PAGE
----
Rosa virginiana crosses

Rosa virginiana is arguably the most beautiful of North American roses, yet has seldom been used in breeding programs. Because the Great Plains native roses were an excellent source of hardiness, they were all used in breeding programs by amateur breeders. It is safe to say that if Rosa virginiana was native to the prairies, it would also have been extensively used by breeders. In fact, Frank Skinner dabbled with it a bit. But if, for example, Percy Wright had easy access to it, here is how he might have used it and more or less in this order.

  1. Crossed Rosa virginiana with Rosa arkansana to obtain a tetraploid breeding line that combined attractive foliage with drought resistance and perhaps some repeat bloom.

  2. Rosa virginiana x ‘Betty Bland’ or ‘Betty Bland’ hybrids to produce nearly thornless, very hardy progeny. This hybrid would then be hybridized with Rosa virginiana x Rosa arkansana selections.

  3. ‘Hansa’ x Rosa virginiana to obtain new types of rugosa hybrids. The progeny would be triploids but perhaps some selections would have some fertility and could be used for further breeding.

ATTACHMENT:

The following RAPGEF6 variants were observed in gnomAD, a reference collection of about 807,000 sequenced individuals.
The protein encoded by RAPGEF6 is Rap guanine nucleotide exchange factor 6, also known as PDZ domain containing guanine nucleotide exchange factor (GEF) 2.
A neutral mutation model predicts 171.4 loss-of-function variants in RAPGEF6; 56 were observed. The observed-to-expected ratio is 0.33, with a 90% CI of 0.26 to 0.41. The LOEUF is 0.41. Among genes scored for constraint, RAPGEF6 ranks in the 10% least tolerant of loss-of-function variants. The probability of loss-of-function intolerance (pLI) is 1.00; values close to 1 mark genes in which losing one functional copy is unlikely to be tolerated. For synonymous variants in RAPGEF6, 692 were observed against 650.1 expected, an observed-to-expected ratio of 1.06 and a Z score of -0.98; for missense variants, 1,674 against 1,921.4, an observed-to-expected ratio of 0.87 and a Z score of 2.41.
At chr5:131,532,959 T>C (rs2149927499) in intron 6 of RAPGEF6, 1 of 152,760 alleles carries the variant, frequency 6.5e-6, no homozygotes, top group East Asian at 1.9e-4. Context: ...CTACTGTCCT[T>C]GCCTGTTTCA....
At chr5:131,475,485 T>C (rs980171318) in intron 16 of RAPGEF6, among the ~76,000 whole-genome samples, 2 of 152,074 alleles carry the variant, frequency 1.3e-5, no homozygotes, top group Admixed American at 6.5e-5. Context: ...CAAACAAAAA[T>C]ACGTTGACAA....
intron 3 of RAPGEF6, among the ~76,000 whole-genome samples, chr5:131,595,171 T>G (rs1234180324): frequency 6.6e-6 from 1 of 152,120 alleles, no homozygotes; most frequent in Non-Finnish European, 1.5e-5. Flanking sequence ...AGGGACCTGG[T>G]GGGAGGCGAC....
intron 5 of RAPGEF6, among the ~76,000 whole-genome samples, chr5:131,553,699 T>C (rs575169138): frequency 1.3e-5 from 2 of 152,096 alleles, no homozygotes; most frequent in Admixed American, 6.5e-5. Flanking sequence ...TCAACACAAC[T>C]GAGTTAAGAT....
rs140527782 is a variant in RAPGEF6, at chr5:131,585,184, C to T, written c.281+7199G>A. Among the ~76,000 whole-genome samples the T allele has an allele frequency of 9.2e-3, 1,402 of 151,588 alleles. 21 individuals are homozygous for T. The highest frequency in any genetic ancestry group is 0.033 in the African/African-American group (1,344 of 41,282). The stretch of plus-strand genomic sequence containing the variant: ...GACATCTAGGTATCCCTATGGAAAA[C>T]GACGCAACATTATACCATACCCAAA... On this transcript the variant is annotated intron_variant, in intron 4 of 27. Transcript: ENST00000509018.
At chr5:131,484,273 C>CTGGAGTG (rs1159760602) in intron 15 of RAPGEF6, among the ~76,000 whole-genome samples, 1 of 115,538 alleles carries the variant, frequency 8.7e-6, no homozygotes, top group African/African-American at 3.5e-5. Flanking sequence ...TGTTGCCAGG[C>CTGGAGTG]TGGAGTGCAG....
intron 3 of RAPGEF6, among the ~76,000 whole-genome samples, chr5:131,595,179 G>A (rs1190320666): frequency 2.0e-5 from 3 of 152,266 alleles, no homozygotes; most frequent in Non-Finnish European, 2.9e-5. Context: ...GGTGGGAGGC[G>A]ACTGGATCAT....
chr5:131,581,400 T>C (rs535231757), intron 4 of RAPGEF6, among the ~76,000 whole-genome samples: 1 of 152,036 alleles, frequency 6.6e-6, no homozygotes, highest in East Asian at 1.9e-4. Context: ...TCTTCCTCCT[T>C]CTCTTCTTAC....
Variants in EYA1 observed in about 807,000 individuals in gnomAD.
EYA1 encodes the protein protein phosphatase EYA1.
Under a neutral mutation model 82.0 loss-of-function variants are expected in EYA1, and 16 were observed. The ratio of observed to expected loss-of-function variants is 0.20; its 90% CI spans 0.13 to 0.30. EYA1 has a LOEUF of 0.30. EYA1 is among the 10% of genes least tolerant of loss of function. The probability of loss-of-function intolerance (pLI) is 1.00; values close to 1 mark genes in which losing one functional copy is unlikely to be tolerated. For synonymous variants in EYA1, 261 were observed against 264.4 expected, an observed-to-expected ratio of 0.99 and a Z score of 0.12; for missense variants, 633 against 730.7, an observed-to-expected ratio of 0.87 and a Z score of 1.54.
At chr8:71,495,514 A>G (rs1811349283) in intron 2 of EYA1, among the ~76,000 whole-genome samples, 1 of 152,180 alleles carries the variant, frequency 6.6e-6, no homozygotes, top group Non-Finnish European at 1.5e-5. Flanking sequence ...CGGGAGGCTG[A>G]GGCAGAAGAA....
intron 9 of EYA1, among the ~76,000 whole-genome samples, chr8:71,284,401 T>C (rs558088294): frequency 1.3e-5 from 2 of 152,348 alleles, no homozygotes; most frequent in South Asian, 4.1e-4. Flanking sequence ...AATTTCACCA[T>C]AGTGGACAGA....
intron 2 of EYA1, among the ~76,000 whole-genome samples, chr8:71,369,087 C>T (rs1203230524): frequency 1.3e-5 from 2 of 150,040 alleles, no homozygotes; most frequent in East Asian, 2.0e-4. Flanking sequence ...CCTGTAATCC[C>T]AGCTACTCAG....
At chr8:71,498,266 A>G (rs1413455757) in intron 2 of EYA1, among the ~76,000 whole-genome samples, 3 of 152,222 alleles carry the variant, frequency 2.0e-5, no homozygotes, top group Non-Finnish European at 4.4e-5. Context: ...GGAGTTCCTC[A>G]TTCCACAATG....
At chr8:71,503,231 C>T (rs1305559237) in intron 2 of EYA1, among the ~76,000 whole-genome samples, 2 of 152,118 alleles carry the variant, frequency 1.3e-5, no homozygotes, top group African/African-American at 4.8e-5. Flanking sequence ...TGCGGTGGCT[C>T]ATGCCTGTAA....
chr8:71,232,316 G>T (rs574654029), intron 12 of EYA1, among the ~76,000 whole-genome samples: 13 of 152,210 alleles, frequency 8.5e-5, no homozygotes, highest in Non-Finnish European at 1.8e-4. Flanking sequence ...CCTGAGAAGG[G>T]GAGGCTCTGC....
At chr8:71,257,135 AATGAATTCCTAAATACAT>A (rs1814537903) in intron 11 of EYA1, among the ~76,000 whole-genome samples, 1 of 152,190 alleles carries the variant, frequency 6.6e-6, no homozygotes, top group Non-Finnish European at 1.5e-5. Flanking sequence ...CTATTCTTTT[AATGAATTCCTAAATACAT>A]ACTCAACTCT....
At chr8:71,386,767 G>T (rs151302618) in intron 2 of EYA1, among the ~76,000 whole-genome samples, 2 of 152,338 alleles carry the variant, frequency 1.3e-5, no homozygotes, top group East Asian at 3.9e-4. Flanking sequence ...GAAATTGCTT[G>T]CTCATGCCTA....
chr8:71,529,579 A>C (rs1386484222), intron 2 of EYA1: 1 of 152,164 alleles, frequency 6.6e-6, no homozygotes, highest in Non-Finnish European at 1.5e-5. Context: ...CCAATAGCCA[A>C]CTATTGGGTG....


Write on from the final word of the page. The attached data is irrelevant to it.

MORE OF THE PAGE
4. Rosa gallica grandiflora (‘Alika’) x Rosa virginiana to develop progeny with red flowers and glossy green foliage.

  5. Rosa virginiana crossed with tetraploid European/ Asian species like Rosa laxa and the ‘Ross Rambler’ selection of Rosa beggeriana to develop Climber and Pillar roses.

  6. Rosa virginiana x ‘Harison’s Yellow’ to develop bicolours with improved foliage quality.

While Rosa virginiana can be successfully combined with modern roses, I believe there is more potential to combine it with species and develop breeding lines for further breeding work. It’s too bad that Rosa virginiana is native to eastern North America, because with a relatively warm climate there wasn’t the need to use it and other species to develop better roses. However, its potential is now being recognized and we can expect some fine roses to be developed from this species.